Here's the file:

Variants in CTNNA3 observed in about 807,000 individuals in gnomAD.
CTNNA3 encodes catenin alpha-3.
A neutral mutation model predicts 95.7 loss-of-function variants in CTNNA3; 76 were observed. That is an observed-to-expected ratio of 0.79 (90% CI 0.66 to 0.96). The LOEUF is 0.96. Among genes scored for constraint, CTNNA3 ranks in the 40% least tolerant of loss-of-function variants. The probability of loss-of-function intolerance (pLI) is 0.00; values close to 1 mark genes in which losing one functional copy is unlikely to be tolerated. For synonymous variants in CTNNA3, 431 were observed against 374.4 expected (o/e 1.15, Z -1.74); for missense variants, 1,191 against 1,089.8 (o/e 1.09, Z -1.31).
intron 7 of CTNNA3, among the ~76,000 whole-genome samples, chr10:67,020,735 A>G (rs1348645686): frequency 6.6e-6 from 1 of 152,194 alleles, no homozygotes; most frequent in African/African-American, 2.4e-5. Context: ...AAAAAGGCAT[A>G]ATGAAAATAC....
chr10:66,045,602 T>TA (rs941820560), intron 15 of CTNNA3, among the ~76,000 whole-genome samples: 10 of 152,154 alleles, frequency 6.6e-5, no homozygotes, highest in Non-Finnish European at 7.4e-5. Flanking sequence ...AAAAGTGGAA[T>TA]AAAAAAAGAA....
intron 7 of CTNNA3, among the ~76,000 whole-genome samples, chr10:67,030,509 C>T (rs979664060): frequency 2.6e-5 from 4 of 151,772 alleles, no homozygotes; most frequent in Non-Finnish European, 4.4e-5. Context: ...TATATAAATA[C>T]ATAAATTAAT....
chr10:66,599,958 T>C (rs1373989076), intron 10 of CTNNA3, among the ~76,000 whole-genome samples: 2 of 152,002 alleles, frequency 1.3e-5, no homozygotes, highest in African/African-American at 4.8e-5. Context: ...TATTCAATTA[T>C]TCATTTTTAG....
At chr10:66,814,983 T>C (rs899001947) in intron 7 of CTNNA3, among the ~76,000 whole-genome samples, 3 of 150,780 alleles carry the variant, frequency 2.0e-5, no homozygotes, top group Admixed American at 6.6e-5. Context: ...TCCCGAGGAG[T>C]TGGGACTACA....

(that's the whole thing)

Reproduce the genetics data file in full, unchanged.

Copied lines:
Variants in CTNNA3 observed in about 807,000 individuals in gnomAD.
CTNNA3 encodes catenin alpha-3.
A neutral mutation model predicts 95.7 loss-of-function variants in CTNNA3; 76 were observed. That is an observed-to-expected ratio of 0.79 (90% CI 0.66 to 0.96). The LOEUF is 0.96. Among genes scored for constraint, CTNNA3 ranks in the 40% least tolerant of loss-of-function variants. The probability of loss-of-function intolerance (pLI) is 0.00; values close to 1 mark genes in which losing one functional copy is unlikely to be tolerated. For synonymous variants in CTNNA3, 431 were observed against 374.4 expected (o/e 1.15, Z -1.74); for missense variants, 1,191 against 1,089.8 (o/e 1.09, Z -1.31).
intron 7 of CTNNA3, among the ~76,000 whole-genome samples, chr10:67,020,735 A>G (rs1348645686): frequency 6.6e-6 from 1 of 152,194 alleles, no homozygotes; most frequent in African/African-American, 2.4e-5. Context: ...AAAAAGGCAT[A>G]ATGAAAATAC....
chr10:66,045,602 T>TA (rs941820560), intron 15 of CTNNA3, among the ~76,000 whole-genome samples: 10 of 152,154 alleles, frequency 6.6e-5, no homozygotes, highest in Non-Finnish European at 7.4e-5. Flanking sequence ...AAAAGTGGAA[T>TA]AAAAAAAGAA....
intron 7 of CTNNA3, among the ~76,000 whole-genome samples, chr10:67,030,509 C>T (rs979664060): frequency 2.6e-5 from 4 of 151,772 alleles, no homozygotes; most frequent in Non-Finnish European, 4.4e-5. Context: ...TATATAAATA[C>T]ATAAATTAAT....
chr10:66,599,958 T>C (rs1373989076), intron 10 of CTNNA3, among the ~76,000 whole-genome samples: 2 of 152,002 alleles, frequency 1.3e-5, no homozygotes, highest in African/African-American at 4.8e-5. Context: ...TATTCAATTA[T>C]TCATTTTTAG....
At chr10:66,814,983 T>C (rs899001947) in intron 7 of CTNNA3, among the ~76,000 whole-genome samples, 3 of 150,780 alleles carry the variant, frequency 2.0e-5, no homozygotes, top group Admixed American at 6.6e-5. Context: ...TCCCGAGGAG[T>C]TGGGACTACA....